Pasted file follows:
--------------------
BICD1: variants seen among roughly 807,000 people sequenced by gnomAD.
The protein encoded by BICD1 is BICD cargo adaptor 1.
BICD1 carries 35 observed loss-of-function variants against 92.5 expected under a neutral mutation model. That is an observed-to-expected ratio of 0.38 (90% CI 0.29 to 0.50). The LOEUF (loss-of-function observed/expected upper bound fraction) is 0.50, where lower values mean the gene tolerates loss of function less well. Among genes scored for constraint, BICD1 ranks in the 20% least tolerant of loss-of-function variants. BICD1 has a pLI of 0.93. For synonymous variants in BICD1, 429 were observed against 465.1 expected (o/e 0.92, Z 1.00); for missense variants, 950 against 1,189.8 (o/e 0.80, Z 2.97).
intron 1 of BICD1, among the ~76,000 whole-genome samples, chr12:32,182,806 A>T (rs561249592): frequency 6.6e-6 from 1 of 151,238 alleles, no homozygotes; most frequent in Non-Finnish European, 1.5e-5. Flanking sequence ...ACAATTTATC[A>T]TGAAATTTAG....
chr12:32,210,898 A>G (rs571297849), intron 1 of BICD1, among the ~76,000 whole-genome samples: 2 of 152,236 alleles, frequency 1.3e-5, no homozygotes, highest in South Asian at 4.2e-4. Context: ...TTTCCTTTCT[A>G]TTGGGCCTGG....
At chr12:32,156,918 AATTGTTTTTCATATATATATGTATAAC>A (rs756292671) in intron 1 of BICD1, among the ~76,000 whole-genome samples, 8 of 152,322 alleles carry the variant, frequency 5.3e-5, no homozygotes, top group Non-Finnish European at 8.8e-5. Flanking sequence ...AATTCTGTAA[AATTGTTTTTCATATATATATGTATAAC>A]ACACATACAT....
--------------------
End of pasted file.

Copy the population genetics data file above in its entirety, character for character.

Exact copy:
BICD1: variants seen among roughly 807,000 people sequenced by gnomAD.
The protein encoded by BICD1 is BICD cargo adaptor 1.
BICD1 carries 35 observed loss-of-function variants against 92.5 expected under a neutral mutation model. That is an observed-to-expected ratio of 0.38 (90% CI 0.29 to 0.50). The LOEUF (loss-of-function observed/expected upper bound fraction) is 0.50, where lower values mean the gene tolerates loss of function less well. Among genes scored for constraint, BICD1 ranks in the 20% least tolerant of loss-of-function variants. BICD1 has a pLI of 0.93. For synonymous variants in BICD1, 429 were observed against 465.1 expected (o/e 0.92, Z 1.00); for missense variants, 950 against 1,189.8 (o/e 0.80, Z 2.97).
intron 1 of BICD1, among the ~76,000 whole-genome samples, chr12:32,182,806 A>T (rs561249592): frequency 6.6e-6 from 1 of 151,238 alleles, no homozygotes; most frequent in Non-Finnish European, 1.5e-5. Flanking sequence ...ACAATTTATC[A>T]TGAAATTTAG....
chr12:32,210,898 A>G (rs571297849), intron 1 of BICD1, among the ~76,000 whole-genome samples: 2 of 152,236 alleles, frequency 1.3e-5, no homozygotes, highest in South Asian at 4.2e-4. Context: ...TTTCCTTTCT[A>G]TTGGGCCTGG....
At chr12:32,156,918 AATTGTTTTTCATATATATATGTATAAC>A (rs756292671) in intron 1 of BICD1, among the ~76,000 whole-genome samples, 8 of 152,322 alleles carry the variant, frequency 5.3e-5, no homozygotes, top group Non-Finnish European at 8.8e-5. Flanking sequence ...AATTCTGTAA[AATTGTTTTTCATATATATATGTATAAC>A]ACACATACAT....